You can always find the list at penmachine.com/powerpoint—but it's not really about Microsoft PowerPoint. In fact, much of my commentary is about avoiding PowerPoint, or at least not giving presentations the way it generally leads you to do them.

A good talk is three things: informative, memorable, and entertaining. I hope the advice I link to can help all three parts of your talks be better. And if you want to see how all three can really come together, watch Dave Olson's WordCamp Vancouver session from earlier this month, "Art and Tech Are Old Pals," or any of his others.

My co-host Dave Chick and I have posted the latest episode of our podcast Inside Home Recording, which is number 81. This one features:

  • Listener Paul Hogue talking about the Big Ears Music Festival in Knoxville, TN.
  • Dave and, from the Home Recording Show podcast, Ryan Canestro talking about audio phase.
  • Me discussing the merits of small guitar tube amplifiers.
  • An editorial on whether audio mastering is... a scam?

You can get our show in two formats: Enhanced AAC (with pictures that appear as you play on your iPod, iPhone, iPad, or in iTunes), and audio-only MP3. This is our first episode in a couple of months. Hope you like it—if so, you can subscribe.

Marina and Lucy

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They say that dogs and their owners come to resemble one another:

Two doggies

I don't know. I'm not sure I see it.

Today is the 25th anniversary of the Air India bombing. I wrote a big post about it more than three years ago, which I think is still relevant:

[Canadian] governments and police and the general public treated the conflict between Canadian Sikhs in the '80s as a foreign problem, and Indian problem. It was not. It was a Canadian problem. And I don't think that very many people believed in our hearts that we Canadians could germinate terrorists capable of such mass murder. But we did, and worse yet, we didn't stop them.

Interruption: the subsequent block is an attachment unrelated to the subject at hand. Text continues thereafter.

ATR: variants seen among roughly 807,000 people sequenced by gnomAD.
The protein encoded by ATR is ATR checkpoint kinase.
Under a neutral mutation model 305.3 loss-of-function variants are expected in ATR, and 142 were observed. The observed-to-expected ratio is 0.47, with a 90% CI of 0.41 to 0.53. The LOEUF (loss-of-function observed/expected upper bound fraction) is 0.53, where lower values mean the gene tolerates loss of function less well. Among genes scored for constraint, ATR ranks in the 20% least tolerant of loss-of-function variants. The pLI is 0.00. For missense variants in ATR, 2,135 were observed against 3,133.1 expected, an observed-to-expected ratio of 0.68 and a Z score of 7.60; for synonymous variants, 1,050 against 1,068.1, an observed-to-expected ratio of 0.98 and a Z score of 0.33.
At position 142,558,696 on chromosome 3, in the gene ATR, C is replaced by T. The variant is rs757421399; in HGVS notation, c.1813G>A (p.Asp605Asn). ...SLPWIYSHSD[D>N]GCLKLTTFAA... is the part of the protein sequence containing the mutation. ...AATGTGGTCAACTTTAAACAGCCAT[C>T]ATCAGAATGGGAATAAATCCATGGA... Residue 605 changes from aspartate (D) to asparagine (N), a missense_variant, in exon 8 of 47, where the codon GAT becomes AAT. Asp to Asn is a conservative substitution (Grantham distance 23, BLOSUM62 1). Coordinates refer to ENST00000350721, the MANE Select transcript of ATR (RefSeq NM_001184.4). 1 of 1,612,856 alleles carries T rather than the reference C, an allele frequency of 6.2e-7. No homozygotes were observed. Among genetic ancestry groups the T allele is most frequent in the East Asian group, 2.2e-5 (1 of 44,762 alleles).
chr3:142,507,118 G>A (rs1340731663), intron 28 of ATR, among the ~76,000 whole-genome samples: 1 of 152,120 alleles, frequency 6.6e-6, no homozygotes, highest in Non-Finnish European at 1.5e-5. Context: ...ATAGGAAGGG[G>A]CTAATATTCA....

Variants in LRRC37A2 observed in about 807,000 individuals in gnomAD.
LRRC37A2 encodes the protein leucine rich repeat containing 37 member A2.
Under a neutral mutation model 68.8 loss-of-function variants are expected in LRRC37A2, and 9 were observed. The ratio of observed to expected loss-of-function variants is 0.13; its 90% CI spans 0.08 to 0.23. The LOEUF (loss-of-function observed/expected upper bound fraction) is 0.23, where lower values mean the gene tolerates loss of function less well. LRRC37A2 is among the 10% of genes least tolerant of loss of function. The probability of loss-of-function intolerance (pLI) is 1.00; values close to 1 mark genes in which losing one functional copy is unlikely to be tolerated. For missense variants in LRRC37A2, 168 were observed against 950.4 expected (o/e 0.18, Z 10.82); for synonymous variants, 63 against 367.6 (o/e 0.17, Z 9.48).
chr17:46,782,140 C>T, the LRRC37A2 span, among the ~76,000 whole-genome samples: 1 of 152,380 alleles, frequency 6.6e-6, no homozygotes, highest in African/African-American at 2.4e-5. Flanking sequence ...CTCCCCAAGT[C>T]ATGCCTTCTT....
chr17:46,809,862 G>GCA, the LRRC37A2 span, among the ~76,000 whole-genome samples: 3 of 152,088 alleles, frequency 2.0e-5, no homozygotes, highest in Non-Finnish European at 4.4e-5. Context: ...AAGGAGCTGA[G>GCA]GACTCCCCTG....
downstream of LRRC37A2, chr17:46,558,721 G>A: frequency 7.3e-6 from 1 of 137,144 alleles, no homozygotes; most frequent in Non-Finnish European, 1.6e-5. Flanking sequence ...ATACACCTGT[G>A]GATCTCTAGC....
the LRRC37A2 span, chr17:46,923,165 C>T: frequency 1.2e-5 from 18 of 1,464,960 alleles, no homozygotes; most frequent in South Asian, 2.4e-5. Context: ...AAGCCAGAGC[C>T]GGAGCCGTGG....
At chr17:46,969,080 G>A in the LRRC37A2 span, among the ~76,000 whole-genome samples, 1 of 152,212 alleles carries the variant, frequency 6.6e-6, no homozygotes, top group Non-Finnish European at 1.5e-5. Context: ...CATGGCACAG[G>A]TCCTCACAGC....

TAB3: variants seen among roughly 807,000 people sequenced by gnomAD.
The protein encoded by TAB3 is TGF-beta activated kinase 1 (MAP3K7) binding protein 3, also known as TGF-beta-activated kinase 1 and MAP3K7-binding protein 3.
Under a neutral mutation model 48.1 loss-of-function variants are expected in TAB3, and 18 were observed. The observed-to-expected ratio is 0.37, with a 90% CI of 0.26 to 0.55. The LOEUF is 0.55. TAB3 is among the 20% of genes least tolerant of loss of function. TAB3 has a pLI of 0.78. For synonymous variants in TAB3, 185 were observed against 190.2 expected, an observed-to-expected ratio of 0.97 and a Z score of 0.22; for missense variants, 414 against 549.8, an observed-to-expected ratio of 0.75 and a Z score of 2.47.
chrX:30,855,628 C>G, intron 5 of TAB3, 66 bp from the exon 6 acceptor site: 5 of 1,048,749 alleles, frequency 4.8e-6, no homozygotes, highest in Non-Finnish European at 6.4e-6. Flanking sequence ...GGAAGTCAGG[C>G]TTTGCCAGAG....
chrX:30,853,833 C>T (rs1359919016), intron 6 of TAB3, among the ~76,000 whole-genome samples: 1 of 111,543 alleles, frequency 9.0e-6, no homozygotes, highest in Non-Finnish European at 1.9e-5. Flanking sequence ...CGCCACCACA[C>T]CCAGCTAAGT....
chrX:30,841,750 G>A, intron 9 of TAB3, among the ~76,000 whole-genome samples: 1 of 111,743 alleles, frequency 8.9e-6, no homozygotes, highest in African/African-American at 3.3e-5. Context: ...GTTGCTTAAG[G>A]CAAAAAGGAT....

A report released last week reiterated the point: we screwed up. We could have stopped those killers, yet we didn't. And we didn't catch them afterwards either. We failed. For that, we should all be sorry, and hope that we have learned.

Oil on the water

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"What we can't seem to accept," says Roger Ebert, "is that the oil is leaking and we can't stop it."

My friend Kris Krug and web acquaintance Duncan Davidson are two great photographers who recently traveled to the Gulf of Mexico to see what's going on. Some of their results:





I have a degree in marine biology, granted to me at UBC 20 years ago. In the back of my mind, I often think these days of what the oil is doing to the physiologies of the animals, plants, and microorganisms in the Gulf. (And what oil is doing elsewhere to organisms in the waters of Nigeria, Venezuela, northern Alberta, the Persian Gulf, and elsewhere.)

There's irony. Petroleum is a natural product: millions of years ago, in an ancient ocean, microscopic algae absorbed sunlight and used the energy to build their tiny cells from carbon dioxide dissolved in water from the air. Similarly tiny zooplankton ate some of the algae. Then they all died, and were buried, and with heat and pressure and eons of time their remains turned into goopy sludge buried in layers of sedimentary rock.

There were titanic numbers of those microorganisms, so there's a lot of sludge in our planet's crust, trapped here and there. We extract it, process it, and burn it. The CO2 returns to the atmosphere, eventually to our detriment. Oil power is an extremely awkward, inefficient, roundabout, and time-delayed form of solar power.